Shipping is a truly global industry with owners based all over the world, says Clarksons Research. Interestingly, ownership is also very fragmented with over 90,000 vessels owned by more than 24,000 shipowners, with an average of around four ships per owner.
While there are a multitude of small owner companies, the relatively limited number of owners with very large fleets also exert a significant influence in today’s shipping markets.
The world fleet currently stands at 92,867 vessels of 1.25bn GT, owned by 24,090 companies. The ownership of the fleet can be analysed in numerous ways, including, interestingly, by company size (see graph for size definitions).
Globally the most common company size is ‘very small’. There are 20,797 ‘very small’ owners, with a combined fleet of 32,781 vessels. However, these owners, which account for 86% of companies, only own 188m GT, 15% of the world’s tonnage.
By contrast, ‘very large’ and ‘extra large’ owners account for just 1% of companies, but together own 362m GT, representing a more significant 29% of tonnage in the world fleet. This general trend holds true across the key owner regions, although some interesting differences are apparent when looking in detail.
European owners account for the largest share of the fleet in terms of tonnage. There are 7,048 European owners, who cumulatively own 30,155 vessels of 560m GT. Just 268 of these owners are ‘large’ or ‘very large’, but collectively they own 11,001 vessels of 279m GT, half of the region’s owned tonnage.
Many of these companies are traditional shipowners with large, well-established fleets. The average German owner, for example, has around eight vessels in their fleet, compared to the global average of around four ships.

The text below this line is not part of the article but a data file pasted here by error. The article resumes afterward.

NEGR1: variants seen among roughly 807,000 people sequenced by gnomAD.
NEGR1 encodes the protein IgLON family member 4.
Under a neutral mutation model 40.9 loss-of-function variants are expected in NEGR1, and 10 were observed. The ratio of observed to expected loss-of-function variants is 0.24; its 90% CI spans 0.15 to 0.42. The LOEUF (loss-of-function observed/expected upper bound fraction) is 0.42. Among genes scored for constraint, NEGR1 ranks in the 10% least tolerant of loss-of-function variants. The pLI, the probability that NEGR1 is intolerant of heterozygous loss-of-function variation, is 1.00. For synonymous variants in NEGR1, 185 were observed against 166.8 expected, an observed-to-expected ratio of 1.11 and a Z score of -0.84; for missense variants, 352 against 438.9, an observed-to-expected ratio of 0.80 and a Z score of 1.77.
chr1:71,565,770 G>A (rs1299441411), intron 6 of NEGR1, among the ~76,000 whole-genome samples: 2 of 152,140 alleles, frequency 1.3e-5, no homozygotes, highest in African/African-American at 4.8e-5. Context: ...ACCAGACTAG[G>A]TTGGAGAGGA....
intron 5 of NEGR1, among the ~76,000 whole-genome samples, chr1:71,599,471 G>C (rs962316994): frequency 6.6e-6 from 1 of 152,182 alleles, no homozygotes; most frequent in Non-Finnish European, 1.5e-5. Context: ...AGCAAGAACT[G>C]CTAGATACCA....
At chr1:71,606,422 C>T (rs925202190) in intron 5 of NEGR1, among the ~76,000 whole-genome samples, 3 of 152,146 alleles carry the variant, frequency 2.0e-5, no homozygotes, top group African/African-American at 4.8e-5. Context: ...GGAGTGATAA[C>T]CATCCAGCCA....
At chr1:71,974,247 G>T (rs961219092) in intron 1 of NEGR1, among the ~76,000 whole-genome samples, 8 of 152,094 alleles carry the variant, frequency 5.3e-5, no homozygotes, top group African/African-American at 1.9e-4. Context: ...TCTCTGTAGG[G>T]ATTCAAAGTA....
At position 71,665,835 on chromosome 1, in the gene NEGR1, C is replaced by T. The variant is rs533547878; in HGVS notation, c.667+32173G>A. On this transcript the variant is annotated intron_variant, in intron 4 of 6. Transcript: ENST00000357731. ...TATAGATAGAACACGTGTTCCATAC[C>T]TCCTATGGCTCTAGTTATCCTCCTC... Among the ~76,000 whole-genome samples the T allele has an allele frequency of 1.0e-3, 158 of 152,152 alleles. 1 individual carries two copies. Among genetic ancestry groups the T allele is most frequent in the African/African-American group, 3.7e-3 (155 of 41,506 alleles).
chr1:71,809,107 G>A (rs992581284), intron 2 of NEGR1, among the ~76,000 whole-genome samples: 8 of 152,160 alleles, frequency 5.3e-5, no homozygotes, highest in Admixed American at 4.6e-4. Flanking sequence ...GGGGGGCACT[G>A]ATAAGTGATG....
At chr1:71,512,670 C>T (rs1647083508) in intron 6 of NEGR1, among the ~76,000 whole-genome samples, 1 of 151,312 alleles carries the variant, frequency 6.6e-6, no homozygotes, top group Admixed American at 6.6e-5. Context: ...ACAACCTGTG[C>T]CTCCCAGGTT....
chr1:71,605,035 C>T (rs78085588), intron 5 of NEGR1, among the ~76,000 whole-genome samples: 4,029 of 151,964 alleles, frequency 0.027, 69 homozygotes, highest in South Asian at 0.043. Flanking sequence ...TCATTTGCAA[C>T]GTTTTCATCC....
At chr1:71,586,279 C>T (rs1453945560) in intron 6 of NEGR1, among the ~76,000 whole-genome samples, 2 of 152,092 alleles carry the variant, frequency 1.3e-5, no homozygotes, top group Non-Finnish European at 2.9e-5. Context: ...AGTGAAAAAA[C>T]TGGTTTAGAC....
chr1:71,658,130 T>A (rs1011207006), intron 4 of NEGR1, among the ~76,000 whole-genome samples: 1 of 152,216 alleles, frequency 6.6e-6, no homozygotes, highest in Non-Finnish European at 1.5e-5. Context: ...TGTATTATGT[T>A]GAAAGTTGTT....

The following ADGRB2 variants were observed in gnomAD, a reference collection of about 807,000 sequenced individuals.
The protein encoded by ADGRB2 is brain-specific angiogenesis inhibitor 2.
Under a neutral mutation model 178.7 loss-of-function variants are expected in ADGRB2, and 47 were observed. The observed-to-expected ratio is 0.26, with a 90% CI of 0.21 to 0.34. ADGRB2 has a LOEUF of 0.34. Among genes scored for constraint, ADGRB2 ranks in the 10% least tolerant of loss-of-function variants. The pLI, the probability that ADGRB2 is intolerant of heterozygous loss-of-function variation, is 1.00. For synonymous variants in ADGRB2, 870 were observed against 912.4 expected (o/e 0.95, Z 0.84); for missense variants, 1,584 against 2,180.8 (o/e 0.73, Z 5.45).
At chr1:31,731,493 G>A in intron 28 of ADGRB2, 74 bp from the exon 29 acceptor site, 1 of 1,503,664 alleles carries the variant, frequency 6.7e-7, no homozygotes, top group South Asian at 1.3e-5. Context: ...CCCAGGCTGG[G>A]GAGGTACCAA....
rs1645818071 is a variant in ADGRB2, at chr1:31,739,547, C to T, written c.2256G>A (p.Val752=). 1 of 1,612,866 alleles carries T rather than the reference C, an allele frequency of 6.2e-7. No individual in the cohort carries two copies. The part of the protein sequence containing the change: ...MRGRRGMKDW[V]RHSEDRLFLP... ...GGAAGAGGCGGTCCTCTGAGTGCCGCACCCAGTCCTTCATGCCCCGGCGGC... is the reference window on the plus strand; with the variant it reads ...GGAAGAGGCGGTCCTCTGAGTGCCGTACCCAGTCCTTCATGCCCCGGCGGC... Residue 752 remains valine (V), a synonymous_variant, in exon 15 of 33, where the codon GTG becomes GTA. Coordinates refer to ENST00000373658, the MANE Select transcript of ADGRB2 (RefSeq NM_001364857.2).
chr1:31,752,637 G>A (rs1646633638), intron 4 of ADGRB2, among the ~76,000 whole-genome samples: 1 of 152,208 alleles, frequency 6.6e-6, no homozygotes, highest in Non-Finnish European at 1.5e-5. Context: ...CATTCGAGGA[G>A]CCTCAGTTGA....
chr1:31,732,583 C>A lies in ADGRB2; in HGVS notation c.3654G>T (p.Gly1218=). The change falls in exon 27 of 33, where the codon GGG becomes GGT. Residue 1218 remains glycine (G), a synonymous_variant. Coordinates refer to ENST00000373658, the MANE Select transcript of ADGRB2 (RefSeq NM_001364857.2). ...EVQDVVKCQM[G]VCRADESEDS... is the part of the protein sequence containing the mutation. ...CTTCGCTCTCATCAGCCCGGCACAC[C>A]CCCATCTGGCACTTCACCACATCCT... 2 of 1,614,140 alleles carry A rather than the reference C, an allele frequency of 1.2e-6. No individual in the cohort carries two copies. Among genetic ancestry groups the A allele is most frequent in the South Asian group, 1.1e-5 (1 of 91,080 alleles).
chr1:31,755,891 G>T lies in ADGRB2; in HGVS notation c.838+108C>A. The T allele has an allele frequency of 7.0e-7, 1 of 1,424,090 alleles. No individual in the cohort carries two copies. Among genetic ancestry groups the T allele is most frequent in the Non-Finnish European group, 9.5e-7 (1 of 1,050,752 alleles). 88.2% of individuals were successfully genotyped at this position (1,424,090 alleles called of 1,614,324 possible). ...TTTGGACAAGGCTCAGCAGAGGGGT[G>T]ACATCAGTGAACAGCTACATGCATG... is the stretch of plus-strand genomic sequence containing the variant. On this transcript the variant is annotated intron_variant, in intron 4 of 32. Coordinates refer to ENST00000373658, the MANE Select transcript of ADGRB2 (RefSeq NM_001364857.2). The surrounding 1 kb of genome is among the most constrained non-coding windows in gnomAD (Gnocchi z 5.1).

Meanwhile, ‘extra large’ companies account for the smallest share of Europe
an tonnage, but it is still noteworthy that just eight owners account for 7% of the region’s tonnage, and 3% of the global fleet.
While the fleet owned by Asia/Pacific companies is slightly smaller than the European fleet in GT, the region accounts for a larger number of owners (11,632). This reflects the many ‘very small’ Asian companies, with the average Asia/Pacific company owning a fleet of around three vessels, lower than the global average.
However, ‘extra large’ companies still play a major role. Half of the world’s ‘extra large’ owners are Asian, and just 12 companies control 17% of Asia/Pacific owned tonnage and 7% of the global fleet. Four of these companies are shipping arms of major Japanese conglomerates, and alone represent 12% of the Asia/Pacific owned fleet.
Meanwhile, in other owner regions, ‘large’ owners account for the greatest share of the fleet (41%). However, ‘very large’ and ‘extra large’ owners have a much smaller presence than in Europe and Asia.
So, ownership in the shipping industry is extremely fragmented. In Europe, the fleet is dominated by the larger companies, but in Asia both
the ‘very small’ and ‘extra large’ companies are key.
Overall, whilst most companies globally own just a handful of vessels, the limited number of much larger owners clearly have a big overall influence too.